Monday, August 26, 2013

A drawing of trees

Mary Adam, Savannah Trees, pen & ink on acid-free paper
This drawing was intended for a linocut but so far I haven't been able to make it work in that form and have used (i.e. spoiled) two lino blocks or is it three? So for now it's a drawing on its own, in Indian ink on acid-free paper.

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Monday, August 19, 2013

Drawing ellipses

Ellipses are everywhere, natural and man-made. An ellipse is a circle seen in perspective and drawing them is a challenge. When an ellipse is "wrong" or "off" or "hokey" it's obvious to the trained and untrained eye alike; and when it's right it can be a thing of beauty.

Lubin Baugin (c. 1610-1663), Le Dessert de gaufrettes (c. 1631), Musée du Louvre, Paris, image from Wikipedia. Many perfectly-drawn ellipses here, seemingly effortless.
Many people chafe at any suggestion of "right" and "wrong" in art, including me. There's a difference though between doing it "wrong" intentionally (e.g. Picasso and other masters), and lack of skill. I guess it's all down to the individual and his or her intentions in a given instance.

I've scoured books and the internet for methods and techniques. One method is the perspective method. That is, draw a square in perspective, mark various points around the square, then draw the ellipse around that framework. Even with this method there's potential for inaccuracy and besides, a square in perspective is not in itself the easiest thing to construct. It's no harm though to work through some examples because if nothing else it develops one's eye for the finer points of ellipses in general. A simpler variation is to draw long and short axes as a guide.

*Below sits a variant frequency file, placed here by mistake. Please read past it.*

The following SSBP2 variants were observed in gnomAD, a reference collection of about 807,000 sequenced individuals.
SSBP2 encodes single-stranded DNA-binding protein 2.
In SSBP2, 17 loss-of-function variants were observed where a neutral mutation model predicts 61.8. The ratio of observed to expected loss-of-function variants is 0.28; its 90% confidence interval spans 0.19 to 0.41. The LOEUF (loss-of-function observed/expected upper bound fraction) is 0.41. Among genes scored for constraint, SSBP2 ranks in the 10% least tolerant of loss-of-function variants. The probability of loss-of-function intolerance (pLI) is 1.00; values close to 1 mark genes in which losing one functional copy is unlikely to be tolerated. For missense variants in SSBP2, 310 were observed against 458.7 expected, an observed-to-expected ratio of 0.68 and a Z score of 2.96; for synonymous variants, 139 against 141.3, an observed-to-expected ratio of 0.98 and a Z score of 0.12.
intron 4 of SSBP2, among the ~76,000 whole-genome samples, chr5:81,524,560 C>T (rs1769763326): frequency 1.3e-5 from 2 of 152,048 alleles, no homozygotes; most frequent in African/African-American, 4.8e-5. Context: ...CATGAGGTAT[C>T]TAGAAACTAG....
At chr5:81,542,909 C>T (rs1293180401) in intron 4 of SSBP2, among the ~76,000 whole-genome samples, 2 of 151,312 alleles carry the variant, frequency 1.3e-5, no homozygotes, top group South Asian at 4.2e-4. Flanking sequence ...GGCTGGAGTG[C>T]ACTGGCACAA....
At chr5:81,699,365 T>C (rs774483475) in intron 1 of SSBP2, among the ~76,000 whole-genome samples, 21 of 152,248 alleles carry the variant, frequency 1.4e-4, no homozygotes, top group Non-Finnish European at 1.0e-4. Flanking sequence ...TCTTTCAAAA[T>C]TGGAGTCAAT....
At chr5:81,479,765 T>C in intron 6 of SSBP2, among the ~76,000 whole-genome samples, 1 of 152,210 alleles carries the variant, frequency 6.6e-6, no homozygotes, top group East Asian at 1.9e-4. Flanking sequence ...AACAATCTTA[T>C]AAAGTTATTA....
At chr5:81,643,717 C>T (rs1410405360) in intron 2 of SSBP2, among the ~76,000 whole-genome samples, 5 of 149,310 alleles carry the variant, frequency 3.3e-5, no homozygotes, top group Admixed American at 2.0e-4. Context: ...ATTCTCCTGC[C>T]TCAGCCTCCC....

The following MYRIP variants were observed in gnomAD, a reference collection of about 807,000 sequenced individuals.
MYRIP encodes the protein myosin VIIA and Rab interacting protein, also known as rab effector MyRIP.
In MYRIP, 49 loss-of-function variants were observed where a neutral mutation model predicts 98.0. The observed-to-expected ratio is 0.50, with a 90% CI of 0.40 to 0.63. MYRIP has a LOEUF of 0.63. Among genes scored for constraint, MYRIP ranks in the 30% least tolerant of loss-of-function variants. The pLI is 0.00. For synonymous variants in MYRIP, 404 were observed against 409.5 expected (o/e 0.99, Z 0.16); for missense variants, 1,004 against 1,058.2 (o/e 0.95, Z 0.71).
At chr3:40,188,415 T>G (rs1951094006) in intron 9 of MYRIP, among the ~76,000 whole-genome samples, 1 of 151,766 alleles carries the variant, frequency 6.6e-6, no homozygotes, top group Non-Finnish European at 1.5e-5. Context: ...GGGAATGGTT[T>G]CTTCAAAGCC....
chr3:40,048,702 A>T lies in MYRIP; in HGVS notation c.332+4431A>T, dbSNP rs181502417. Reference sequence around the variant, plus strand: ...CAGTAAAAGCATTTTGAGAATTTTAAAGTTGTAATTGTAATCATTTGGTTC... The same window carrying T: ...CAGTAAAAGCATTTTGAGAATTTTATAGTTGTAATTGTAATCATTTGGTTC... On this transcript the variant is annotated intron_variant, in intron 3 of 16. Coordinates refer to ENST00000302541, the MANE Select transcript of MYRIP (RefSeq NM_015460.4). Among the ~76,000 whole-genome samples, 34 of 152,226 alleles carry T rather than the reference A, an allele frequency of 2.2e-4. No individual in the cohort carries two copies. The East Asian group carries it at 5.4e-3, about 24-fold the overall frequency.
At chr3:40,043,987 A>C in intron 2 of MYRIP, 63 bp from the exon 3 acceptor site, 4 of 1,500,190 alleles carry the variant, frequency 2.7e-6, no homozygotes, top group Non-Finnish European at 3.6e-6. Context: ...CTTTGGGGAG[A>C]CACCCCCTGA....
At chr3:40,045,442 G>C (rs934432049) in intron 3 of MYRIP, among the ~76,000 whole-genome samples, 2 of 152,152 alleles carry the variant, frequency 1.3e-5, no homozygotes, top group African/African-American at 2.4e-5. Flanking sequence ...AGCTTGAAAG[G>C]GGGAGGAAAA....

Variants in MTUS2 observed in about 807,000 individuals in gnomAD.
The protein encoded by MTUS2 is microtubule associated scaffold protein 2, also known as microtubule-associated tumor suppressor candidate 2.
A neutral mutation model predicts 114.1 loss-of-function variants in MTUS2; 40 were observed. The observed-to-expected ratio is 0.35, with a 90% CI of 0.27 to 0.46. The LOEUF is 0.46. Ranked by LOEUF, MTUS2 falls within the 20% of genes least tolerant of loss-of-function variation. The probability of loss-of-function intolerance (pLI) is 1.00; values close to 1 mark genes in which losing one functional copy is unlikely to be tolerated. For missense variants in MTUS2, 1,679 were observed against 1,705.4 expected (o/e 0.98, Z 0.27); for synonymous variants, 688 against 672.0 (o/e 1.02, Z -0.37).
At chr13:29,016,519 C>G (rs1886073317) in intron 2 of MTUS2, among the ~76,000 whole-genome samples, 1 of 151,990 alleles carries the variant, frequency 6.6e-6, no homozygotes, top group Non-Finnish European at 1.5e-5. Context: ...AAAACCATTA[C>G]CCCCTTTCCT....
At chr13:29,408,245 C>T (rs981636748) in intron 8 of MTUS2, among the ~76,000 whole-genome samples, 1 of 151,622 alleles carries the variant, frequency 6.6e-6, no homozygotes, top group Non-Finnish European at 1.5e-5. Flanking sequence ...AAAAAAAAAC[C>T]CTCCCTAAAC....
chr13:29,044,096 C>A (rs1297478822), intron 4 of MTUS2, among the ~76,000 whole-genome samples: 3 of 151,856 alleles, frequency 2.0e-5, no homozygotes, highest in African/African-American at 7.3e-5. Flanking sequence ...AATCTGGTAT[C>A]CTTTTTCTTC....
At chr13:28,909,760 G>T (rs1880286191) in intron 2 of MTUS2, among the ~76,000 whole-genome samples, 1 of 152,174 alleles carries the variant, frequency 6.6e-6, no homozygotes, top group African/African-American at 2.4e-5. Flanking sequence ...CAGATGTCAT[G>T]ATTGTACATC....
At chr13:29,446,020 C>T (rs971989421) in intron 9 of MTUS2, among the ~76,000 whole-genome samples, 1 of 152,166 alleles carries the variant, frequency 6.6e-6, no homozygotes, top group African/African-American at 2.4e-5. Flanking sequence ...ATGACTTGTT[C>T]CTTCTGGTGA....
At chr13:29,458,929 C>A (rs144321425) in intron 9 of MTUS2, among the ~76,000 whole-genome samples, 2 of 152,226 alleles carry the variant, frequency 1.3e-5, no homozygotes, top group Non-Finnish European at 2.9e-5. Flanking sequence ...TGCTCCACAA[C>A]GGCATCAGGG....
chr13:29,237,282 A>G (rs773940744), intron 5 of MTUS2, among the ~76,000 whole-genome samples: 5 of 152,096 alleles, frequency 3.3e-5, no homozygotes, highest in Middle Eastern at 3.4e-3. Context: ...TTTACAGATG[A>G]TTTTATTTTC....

Using pins and a string is a mechanical method that is not usually practical for fine artists, but it's interesting to give it a try. Another way is to draw the ellipse on the computer and transfer it to the drawing.

Many artists draw the ellipse freehand without guides while looking at the object. When it comes out right it can be beautiful in a way not achievable by more painstaking methods. It may help to turn the paper upside-down while drawing.